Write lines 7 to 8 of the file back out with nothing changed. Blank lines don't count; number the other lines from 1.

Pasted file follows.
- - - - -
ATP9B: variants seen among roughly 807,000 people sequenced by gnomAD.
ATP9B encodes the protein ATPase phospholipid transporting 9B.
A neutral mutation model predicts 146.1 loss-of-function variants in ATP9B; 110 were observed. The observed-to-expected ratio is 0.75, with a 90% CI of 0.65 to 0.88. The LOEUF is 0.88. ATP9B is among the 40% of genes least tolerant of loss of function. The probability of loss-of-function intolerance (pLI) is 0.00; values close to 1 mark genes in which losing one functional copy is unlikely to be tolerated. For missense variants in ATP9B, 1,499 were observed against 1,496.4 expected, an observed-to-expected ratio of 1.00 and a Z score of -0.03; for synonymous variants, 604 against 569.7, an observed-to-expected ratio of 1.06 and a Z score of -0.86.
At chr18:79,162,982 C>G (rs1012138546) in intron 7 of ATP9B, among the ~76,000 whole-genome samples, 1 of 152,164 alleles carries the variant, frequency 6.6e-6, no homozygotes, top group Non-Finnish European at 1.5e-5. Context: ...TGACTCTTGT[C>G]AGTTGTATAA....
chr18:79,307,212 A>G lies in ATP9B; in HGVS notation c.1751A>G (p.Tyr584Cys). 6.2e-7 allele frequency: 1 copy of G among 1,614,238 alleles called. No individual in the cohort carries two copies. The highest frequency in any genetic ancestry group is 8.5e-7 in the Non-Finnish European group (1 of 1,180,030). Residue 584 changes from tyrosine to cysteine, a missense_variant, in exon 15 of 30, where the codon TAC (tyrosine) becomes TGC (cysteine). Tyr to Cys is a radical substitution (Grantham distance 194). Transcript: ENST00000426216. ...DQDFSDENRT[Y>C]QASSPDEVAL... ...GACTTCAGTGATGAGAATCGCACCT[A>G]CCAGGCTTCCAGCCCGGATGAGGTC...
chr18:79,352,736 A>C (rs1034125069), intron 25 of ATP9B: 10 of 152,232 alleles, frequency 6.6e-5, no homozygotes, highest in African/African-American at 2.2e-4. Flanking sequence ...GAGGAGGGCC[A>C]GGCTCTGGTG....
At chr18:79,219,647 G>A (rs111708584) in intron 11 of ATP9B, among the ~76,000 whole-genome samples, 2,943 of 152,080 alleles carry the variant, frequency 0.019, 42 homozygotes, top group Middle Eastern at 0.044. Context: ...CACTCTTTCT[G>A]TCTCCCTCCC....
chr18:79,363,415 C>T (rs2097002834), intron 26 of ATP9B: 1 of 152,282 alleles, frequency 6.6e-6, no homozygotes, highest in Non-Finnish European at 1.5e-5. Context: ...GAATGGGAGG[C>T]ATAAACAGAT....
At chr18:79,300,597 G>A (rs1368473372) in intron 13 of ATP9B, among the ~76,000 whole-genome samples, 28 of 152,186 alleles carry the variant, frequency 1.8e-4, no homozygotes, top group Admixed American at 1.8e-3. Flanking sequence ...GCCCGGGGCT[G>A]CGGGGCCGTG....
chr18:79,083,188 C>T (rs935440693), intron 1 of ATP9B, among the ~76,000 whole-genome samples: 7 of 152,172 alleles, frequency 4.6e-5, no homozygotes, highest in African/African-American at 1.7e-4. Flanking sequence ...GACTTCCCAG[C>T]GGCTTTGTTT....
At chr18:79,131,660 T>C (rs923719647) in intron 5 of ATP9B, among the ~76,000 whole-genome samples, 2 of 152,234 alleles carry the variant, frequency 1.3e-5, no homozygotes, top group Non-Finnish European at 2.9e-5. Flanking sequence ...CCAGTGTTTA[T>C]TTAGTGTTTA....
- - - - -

At chr18:79,219,647 G>A (rs111708584) in intron 11 of ATP9B, among the ~76,000 whole-genome samples, 2,943 of 152,080 alleles carry the variant, frequency 0.019, 42 homozygotes, top group Middle Eastern at 0.044. Context: ...CACTCTTTCT[G>A]TCTCCCTCCC....
chr18:79,363,415 C>T (rs2097002834), intron 26 of ATP9B: 1 of 152,282 alleles, frequency 6.6e-6, no homozygotes, highest in Non-Finnish European at 1.5e-5. Context: ...GAATGGGAGG[C>T]ATAAACAGAT....